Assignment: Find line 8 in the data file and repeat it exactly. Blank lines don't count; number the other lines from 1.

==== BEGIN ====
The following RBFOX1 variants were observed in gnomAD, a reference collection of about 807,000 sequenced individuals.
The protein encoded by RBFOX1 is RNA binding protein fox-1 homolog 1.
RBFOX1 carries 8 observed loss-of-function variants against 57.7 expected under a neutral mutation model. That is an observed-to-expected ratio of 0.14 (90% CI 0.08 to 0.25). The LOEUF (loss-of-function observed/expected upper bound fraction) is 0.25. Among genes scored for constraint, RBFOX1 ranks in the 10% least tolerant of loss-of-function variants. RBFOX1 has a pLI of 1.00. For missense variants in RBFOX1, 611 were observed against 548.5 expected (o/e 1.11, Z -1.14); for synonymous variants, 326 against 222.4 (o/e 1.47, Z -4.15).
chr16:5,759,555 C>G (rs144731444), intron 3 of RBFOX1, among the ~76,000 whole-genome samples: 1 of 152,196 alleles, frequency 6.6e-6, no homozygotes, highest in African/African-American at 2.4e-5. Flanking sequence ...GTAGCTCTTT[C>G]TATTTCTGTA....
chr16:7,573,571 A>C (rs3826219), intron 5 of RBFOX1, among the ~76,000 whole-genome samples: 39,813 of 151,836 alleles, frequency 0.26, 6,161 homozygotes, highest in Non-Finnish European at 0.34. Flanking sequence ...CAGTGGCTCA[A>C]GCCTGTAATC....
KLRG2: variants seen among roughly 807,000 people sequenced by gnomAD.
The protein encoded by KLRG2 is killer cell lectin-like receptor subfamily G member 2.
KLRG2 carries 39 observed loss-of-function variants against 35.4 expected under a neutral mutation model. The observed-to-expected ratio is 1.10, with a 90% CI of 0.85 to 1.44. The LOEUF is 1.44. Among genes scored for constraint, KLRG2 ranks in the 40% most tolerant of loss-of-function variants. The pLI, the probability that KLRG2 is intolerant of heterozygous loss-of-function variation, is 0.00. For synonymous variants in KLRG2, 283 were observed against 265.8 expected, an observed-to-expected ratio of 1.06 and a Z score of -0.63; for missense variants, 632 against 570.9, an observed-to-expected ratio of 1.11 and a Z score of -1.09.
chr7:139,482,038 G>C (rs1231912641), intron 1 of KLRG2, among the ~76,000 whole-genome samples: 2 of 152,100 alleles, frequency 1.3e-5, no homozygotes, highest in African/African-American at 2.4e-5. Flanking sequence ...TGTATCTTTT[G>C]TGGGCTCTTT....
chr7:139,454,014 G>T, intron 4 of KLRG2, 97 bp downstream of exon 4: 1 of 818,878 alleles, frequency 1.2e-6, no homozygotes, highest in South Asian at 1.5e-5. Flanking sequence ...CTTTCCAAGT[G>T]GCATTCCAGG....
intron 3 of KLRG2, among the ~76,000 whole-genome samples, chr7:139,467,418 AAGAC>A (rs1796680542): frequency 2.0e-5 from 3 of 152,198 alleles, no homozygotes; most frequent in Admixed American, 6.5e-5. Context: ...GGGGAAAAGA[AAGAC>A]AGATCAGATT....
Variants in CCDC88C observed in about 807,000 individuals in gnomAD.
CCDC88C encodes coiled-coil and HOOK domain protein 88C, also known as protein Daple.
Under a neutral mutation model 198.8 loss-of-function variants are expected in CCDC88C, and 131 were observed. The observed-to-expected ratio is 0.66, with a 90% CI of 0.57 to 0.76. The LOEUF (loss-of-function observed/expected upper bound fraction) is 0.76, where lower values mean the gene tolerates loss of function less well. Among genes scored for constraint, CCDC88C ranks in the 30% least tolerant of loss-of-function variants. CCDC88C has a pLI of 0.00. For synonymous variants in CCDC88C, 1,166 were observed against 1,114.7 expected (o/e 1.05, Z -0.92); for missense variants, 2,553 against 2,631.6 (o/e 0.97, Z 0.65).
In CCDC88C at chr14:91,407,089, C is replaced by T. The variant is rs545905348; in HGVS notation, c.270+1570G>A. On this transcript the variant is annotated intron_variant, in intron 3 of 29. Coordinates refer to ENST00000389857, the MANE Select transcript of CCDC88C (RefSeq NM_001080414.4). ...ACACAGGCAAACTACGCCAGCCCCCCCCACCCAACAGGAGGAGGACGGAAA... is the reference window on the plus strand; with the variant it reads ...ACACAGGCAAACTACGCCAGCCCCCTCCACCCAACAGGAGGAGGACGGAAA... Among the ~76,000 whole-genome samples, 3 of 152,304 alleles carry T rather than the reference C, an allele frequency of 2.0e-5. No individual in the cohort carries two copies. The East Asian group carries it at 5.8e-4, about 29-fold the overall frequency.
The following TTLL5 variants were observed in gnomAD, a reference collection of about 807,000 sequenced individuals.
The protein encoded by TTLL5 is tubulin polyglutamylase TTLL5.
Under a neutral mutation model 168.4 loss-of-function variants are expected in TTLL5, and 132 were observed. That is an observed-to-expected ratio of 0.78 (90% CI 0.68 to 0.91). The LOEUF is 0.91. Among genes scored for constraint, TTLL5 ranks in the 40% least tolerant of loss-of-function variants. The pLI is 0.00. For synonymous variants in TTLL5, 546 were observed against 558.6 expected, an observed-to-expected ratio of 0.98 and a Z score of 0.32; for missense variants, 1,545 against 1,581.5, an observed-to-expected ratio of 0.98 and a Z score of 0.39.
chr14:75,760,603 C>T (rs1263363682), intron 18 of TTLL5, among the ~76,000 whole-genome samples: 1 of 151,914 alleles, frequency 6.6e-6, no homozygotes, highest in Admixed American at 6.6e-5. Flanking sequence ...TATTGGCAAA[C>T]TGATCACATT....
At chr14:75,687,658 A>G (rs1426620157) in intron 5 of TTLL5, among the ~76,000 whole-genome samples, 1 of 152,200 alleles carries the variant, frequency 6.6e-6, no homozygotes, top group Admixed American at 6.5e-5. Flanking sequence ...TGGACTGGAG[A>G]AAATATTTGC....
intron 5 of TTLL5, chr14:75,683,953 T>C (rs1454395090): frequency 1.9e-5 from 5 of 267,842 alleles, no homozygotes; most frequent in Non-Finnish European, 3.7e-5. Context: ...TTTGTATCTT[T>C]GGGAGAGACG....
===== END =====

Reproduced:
KLRG2 carries 39 observed loss-of-function variants against 35.4 expected under a neutral mutation model. The observed-to-expected ratio is 1.10, with a 90% CI of 0.85 to 1.44. The LOEUF is 1.44. Among genes scored for constraint, KLRG2 ranks in the 40% most tolerant of loss-of-function variants. The pLI, the probability that KLRG2 is intolerant of heterozygous loss-of-function variation, is 0.00. For synonymous variants in KLRG2, 283 were observed against 265.8 expected, an observed-to-expected ratio of 1.06 and a Z score of -0.63; for missense variants, 632 against 570.9, an observed-to-expected ratio of 1.11 and a Z score of -1.09.